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I'm training for a January marathon but I've just moved across country for graduate school. My immediate neighborhood is not exactly set up for long distance runs (a luxury I left back home, it seems). Does anyone have a favorite way to find new routes?

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closed as not constructive by Ivo Flipse Feb 27 '12 at 12:28

As it currently stands, this question is not a good fit for our Q&A format. We expect answers to be supported by facts, references, or expertise, but this question will likely solicit debate, arguments, polling, or extended discussion. If you feel that this question can be improved and possibly reopened, visit the help center for guidance.If this question can be reworded to fit the rules in the help center, please edit the question.

    
This type of question leaves out a lot of details. What is the new neighborhood like and why is it not set up for long distance runs? It seems rather contradicting to ask about new long distance given that premise. Polling and asking for "favorite X" doesn't suit Stack Exchange very well, and is the type of question that shouldn't be asked (which is stated in the faq). –  Matt Chan Feb 27 '12 at 13:46

4 Answers 4

I travel a fair bit and always want to run in the places I visit, so I have the same problem. I usually try the following:

  • Google for runs using the search terms "running in <your location>" - that will very, very often come up with a site or two for official running clubs in your area. And they usually have a number of suggestions.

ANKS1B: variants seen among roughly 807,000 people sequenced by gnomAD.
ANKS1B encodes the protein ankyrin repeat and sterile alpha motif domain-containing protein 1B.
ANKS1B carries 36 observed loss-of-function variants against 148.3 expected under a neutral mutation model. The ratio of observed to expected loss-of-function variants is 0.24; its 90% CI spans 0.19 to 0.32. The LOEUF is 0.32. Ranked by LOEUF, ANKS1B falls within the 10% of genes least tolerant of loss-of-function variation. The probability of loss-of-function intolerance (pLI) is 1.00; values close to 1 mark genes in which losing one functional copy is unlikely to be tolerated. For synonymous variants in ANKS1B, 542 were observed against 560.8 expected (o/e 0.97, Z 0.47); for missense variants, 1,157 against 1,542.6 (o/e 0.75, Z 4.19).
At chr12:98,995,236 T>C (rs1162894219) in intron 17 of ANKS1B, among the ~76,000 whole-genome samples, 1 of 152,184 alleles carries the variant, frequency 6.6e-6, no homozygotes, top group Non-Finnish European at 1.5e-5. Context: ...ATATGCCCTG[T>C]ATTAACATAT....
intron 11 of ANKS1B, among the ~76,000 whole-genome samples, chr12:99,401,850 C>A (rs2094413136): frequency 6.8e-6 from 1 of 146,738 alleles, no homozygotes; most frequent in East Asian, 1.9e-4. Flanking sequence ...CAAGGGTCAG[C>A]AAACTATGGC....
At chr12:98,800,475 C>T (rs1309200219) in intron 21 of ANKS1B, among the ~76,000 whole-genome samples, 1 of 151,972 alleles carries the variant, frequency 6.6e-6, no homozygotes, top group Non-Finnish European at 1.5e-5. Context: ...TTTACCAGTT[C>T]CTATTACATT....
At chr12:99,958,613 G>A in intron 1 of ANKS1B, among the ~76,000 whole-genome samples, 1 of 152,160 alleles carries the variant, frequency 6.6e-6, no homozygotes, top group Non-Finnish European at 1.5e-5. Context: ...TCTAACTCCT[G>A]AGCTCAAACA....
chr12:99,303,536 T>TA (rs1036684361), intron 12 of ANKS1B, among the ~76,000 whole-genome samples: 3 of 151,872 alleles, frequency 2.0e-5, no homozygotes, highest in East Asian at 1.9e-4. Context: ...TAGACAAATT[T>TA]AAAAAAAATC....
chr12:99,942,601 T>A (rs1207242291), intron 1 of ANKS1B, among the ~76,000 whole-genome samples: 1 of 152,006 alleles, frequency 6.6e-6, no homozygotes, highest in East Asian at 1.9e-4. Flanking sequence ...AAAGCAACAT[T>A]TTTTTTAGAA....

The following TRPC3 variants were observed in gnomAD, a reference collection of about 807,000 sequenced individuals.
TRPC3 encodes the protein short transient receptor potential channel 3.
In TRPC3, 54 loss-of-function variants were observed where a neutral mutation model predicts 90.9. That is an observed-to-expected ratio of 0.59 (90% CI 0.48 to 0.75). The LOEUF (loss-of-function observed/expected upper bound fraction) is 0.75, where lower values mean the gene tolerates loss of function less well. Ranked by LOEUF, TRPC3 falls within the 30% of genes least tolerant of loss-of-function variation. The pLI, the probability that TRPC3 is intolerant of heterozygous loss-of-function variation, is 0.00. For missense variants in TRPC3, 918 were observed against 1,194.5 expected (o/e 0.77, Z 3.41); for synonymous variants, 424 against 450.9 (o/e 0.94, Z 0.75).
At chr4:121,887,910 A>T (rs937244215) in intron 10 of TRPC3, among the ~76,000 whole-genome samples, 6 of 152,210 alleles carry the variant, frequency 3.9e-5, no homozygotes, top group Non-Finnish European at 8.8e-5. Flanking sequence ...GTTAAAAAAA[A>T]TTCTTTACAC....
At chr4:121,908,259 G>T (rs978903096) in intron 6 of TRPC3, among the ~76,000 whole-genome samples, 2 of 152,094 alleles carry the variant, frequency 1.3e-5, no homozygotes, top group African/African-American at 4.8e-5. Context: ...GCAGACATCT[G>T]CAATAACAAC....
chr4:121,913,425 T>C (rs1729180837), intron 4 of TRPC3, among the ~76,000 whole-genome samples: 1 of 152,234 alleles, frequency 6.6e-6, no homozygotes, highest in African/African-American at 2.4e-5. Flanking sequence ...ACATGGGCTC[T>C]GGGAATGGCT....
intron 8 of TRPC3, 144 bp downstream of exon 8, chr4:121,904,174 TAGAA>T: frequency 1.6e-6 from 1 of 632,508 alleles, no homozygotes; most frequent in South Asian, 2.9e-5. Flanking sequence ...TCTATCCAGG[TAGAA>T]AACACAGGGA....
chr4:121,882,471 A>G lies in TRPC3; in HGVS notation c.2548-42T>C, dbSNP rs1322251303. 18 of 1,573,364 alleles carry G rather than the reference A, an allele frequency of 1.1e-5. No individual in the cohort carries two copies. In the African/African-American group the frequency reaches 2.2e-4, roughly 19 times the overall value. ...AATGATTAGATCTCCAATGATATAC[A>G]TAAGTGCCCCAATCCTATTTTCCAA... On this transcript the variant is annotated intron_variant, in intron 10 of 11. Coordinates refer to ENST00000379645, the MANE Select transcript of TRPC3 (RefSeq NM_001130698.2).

• For the US, I have successfully used Running in the USA.
  • On a more global scale, I use MapMyRUN and Endomondo (you must log-in first).
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Yes - what about a Garmin Foretrex 401.

It's the old-fashioned "military" Garmin you wear on your wrist - boxy looking. It includes a map-chart screen.

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Note that the more modern, trendy wristgps are smaller, but have only data numbers, no map display.

(By "map" I mean not a carte, but a white screen with a black line showing your own trail, and also waypoints, lapmarkers etc you save.)

(I guess, you could go running with a garmin Dakota, which you hang around your neck (or just shove in your pocket I guess) and that has actual map maps. But it's not as good as a 401!)

BTW ..... other than the chart, another HUGE advantage of the old-fashioned 401 over the newer models, is that, you can click to an display of your heartrate (or indeed distance, time, speed, or whatever) that is shown in ENORMOUS, HUGE digits. The digits are much, much, much bigger than on any other wrist-instrument. Perfect for glancing at when pounding along.

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I'm surprised that nobody mentioned this, but if you have some sense of orientation, you can just give yourself a time limit, which will give you approximate distance to run and then just go out and run!

I usually do this when I want to go for a midnight run in the city. Just pick a landmark within a reasonable distance and run towards it. Don't set out a specific path, try to figure it out. That way you can get to places you would never get into otherwise.

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I have found that WalkJogRun.net is a great resource for finding new routes. The site lets you search for routes by city. Then you can filter the results by distance. You can see each of the routes from your search overlayed on google maps so that you can scroll to the area where you are or want to run to find the route you want to try. Also, each route can be exported to GPX which can be used on a Garmin Forerunner.

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